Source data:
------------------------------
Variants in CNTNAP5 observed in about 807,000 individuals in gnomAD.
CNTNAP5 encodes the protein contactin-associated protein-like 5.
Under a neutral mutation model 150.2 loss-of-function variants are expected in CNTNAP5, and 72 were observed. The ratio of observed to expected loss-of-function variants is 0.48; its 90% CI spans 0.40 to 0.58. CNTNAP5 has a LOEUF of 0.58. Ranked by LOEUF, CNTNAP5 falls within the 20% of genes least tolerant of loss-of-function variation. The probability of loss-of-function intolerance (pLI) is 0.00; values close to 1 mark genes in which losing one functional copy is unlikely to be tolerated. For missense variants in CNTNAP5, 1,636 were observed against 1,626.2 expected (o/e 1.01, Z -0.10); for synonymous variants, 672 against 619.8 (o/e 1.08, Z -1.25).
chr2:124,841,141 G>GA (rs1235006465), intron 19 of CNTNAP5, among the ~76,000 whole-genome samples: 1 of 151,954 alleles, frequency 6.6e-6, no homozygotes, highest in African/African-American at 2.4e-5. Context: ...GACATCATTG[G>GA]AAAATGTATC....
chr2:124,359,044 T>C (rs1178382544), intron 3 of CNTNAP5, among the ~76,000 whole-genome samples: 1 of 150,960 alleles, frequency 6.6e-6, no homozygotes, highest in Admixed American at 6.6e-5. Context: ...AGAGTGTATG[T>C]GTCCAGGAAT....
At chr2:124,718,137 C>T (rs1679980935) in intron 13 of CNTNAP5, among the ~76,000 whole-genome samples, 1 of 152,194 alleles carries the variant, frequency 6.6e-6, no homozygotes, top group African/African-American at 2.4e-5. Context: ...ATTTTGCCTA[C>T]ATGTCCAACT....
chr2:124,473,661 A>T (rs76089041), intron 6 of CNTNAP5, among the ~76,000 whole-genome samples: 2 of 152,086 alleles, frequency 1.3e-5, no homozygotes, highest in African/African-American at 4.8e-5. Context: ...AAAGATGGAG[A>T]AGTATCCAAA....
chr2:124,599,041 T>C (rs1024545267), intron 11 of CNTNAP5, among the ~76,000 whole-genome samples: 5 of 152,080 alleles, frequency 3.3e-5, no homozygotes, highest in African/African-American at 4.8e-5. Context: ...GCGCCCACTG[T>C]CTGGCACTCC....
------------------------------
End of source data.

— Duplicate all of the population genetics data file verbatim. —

Variants in CNTNAP5 observed in about 807,000 individuals in gnomAD.
CNTNAP5 encodes the protein contactin-associated protein-like 5.
Under a neutral mutation model 150.2 loss-of-function variants are expected in CNTNAP5, and 72 were observed. The ratio of observed to expected loss-of-function variants is 0.48; its 90% CI spans 0.40 to 0.58. CNTNAP5 has a LOEUF of 0.58. Ranked by LOEUF, CNTNAP5 falls within the 20% of genes least tolerant of loss-of-function variation. The probability of loss-of-function intolerance (pLI) is 0.00; values close to 1 mark genes in which losing one functional copy is unlikely to be tolerated. For missense variants in CNTNAP5, 1,636 were observed against 1,626.2 expected (o/e 1.01, Z -0.10); for synonymous variants, 672 against 619.8 (o/e 1.08, Z -1.25).
chr2:124,841,141 G>GA (rs1235006465), intron 19 of CNTNAP5, among the ~76,000 whole-genome samples: 1 of 151,954 alleles, frequency 6.6e-6, no homozygotes, highest in African/African-American at 2.4e-5. Context: ...GACATCATTG[G>GA]AAAATGTATC....
chr2:124,359,044 T>C (rs1178382544), intron 3 of CNTNAP5, among the ~76,000 whole-genome samples: 1 of 150,960 alleles, frequency 6.6e-6, no homozygotes, highest in Admixed American at 6.6e-5. Context: ...AGAGTGTATG[T>C]GTCCAGGAAT....
At chr2:124,718,137 C>T (rs1679980935) in intron 13 of CNTNAP5, among the ~76,000 whole-genome samples, 1 of 152,194 alleles carries the variant, frequency 6.6e-6, no homozygotes, top group African/African-American at 2.4e-5. Context: ...ATTTTGCCTA[C>T]ATGTCCAACT....
chr2:124,473,661 A>T (rs76089041), intron 6 of CNTNAP5, among the ~76,000 whole-genome samples: 2 of 152,086 alleles, frequency 1.3e-5, no homozygotes, highest in African/African-American at 4.8e-5. Context: ...AAAGATGGAG[A>T]AGTATCCAAA....
chr2:124,599,041 T>C (rs1024545267), intron 11 of CNTNAP5, among the ~76,000 whole-genome samples: 5 of 152,080 alleles, frequency 3.3e-5, no homozygotes, highest in African/African-American at 4.8e-5. Context: ...GCGCCCACTG[T>C]CTGGCACTCC....